Two-Tones, Seconds, and Accents

The other week I used the example of a late-Medieval instrument, the Vielle, as a practical example of the overlap of music and musical proportion. Jerome of Moravia provided the tuning for the Vielle in the 13th Century. We used just one tuning for the arrangement of the body of our example Vielle, though all three he describes are fundamentally similar.

d G g  d’ d’      d G g d’ g’       G G d c’ c’

The first tuning is considered best for Church Music. The “leftmost” d string is actually a drone string, meaning it does not get fingered during the playing of the instrument. Every draw of the bow across the strings (which are on a flat fretboard making it neigh impossible to play a single string at a time) results in the constant “drone” of a musical fifth in relation to the tuning of the instrument. The other two tunings are for secular playing, and actually do not have the separate drone string. In the first and second case, the instrument is tuned to an open playing of fifths and octaves. The third tuning open playing of fourths is added at the loss of open perfect fifths. As we look at the individual strings, we see that they are generally composed of variations of 1:1, 2:1, 4:3, and 3:2 in relation to the others on the instrument. Other notes are achieved by stopping the strings at various distances.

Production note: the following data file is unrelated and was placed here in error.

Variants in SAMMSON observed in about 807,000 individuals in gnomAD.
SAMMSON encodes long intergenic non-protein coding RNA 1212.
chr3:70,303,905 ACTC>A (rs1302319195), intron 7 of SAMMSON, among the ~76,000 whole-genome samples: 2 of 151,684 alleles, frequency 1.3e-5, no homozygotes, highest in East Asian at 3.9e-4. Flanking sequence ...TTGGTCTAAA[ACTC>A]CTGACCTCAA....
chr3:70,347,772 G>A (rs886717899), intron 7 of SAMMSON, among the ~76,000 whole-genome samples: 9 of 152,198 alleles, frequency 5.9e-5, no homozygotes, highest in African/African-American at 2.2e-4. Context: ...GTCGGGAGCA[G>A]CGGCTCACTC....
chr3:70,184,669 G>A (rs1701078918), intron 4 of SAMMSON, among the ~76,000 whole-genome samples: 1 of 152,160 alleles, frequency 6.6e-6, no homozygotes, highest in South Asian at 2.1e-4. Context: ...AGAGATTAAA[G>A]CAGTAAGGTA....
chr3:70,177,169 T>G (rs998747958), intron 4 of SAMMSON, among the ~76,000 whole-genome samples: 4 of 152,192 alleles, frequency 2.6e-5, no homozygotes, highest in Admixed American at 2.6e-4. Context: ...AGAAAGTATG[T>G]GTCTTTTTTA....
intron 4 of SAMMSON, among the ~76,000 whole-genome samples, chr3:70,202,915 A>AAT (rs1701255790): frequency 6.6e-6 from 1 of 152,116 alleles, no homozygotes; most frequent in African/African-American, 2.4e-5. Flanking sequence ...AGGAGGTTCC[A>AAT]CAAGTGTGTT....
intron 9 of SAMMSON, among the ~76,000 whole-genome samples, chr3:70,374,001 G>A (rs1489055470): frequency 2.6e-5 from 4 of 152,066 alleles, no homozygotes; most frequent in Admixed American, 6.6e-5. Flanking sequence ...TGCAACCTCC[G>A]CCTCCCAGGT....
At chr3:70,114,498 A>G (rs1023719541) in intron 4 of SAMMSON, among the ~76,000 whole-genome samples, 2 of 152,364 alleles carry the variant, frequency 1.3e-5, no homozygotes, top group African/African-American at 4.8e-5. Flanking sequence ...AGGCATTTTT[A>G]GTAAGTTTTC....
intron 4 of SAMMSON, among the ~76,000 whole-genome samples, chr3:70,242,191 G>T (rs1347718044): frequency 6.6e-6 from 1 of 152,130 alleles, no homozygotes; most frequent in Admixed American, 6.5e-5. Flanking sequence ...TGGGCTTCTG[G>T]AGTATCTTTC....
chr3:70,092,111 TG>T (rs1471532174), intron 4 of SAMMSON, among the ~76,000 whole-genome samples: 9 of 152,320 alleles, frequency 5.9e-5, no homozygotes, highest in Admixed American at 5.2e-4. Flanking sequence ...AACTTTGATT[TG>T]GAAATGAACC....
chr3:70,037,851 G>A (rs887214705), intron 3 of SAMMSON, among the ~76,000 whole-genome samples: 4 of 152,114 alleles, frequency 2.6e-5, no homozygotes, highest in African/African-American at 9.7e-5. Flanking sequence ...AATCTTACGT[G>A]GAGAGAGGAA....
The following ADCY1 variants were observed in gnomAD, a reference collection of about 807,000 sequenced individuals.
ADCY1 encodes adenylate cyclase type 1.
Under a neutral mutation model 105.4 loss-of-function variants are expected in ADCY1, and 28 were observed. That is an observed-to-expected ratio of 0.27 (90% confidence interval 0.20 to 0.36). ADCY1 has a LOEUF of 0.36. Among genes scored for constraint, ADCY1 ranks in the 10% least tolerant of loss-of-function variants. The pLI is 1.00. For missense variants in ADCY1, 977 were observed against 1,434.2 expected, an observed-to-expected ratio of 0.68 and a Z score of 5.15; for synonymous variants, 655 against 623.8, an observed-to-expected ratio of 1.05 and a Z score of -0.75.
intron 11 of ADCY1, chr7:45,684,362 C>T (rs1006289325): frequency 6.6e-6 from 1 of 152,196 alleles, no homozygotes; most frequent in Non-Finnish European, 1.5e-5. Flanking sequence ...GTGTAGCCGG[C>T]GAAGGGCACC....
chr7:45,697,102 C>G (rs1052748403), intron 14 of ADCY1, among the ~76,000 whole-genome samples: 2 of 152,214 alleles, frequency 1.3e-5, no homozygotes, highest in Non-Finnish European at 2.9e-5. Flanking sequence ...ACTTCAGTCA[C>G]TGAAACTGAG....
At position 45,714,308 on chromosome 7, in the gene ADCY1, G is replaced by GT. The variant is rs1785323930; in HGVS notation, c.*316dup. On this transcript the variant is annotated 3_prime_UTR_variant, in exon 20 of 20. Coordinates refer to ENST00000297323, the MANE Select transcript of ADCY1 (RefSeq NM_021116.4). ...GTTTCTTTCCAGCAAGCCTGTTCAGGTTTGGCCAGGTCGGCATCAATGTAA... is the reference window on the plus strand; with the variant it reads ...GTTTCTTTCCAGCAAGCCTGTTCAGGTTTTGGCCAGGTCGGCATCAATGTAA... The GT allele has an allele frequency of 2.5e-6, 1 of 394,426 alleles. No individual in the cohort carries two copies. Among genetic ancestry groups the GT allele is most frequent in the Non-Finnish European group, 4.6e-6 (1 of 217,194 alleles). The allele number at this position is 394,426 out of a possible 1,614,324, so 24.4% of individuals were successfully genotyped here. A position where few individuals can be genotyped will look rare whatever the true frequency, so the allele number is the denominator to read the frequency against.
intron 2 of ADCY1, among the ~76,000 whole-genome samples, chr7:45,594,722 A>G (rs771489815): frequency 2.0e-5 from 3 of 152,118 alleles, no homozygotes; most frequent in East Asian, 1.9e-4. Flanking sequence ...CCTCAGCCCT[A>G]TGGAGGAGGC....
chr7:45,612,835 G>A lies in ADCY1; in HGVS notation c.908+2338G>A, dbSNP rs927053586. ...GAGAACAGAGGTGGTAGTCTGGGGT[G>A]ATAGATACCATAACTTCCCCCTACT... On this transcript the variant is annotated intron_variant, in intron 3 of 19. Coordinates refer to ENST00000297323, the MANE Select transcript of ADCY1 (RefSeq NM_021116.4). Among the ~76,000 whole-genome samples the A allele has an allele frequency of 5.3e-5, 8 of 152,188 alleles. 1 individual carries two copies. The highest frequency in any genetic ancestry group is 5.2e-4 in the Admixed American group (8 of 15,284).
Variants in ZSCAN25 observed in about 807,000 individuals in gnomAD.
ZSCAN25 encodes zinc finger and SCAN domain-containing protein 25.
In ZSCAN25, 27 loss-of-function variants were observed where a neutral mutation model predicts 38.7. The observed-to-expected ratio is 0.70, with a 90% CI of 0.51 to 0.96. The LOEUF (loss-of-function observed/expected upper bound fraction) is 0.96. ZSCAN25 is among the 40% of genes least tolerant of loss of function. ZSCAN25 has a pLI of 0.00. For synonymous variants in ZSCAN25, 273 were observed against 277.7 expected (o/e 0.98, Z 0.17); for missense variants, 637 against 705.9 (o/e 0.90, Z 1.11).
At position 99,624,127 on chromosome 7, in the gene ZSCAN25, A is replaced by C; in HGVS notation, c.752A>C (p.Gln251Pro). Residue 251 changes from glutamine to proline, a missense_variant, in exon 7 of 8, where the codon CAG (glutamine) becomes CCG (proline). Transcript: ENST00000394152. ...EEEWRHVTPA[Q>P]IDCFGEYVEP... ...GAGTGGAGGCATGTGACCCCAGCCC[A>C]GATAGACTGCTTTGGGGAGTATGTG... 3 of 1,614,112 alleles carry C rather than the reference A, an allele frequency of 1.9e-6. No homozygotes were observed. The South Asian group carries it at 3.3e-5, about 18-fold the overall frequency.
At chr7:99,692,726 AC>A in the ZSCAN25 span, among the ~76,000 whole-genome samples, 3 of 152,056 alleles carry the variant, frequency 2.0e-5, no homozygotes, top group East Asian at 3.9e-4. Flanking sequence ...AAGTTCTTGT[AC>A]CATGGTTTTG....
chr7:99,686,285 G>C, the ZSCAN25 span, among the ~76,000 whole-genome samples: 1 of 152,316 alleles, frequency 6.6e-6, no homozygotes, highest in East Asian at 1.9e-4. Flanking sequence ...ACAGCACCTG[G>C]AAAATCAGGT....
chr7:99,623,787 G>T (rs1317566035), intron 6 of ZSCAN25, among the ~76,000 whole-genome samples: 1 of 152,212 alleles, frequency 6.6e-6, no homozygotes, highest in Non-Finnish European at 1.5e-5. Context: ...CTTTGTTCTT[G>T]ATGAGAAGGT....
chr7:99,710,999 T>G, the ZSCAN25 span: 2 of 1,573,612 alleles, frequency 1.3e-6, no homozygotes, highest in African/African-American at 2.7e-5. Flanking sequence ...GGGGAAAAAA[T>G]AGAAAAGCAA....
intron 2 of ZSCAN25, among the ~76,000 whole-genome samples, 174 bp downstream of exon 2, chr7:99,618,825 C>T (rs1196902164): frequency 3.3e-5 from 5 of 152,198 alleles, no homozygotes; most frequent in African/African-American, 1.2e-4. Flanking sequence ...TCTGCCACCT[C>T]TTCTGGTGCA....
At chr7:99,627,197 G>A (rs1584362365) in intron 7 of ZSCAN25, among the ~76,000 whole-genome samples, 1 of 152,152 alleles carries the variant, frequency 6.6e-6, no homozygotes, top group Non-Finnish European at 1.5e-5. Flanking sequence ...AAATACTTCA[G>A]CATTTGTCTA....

Medieval Music Theorists (and modern students of such) can readily identify the first two tunings as the Hypomixolydian Diatonic Scale. This scale is a variation of the scale attributed to Greek Poet Sappho in the 7th Century BCE (by way of Boethius’ translation of Claudius Ptolemy’s “Harmonics,” 2nd Cen CE).

There is only one interval missing in the open tunings from the diatonic scale, and the Tetractys, the Second (9:8). This one is easily attainable with a single fingering on the fretboard. The variation of a Second is so narrow, however, we might consider it an accent required to complete the scale. And should we apply this to design, we find a place for all those little things – a foot or finial at the end of a stile, the thickness of a mutin or the overlapping lip of a chest, the width of a moulding profile… Whether we accurately measure such an element (with dividers and sector) or get it relatively close by eye, we have added that last “musical” element to complete the octave.

And as a fun aside, when tuned to a diatonic scale in perfect fifths like these instruments, any fingering position will sound “good” when played. It’s actually difficult and takes effort to sound an “off” note or chord.

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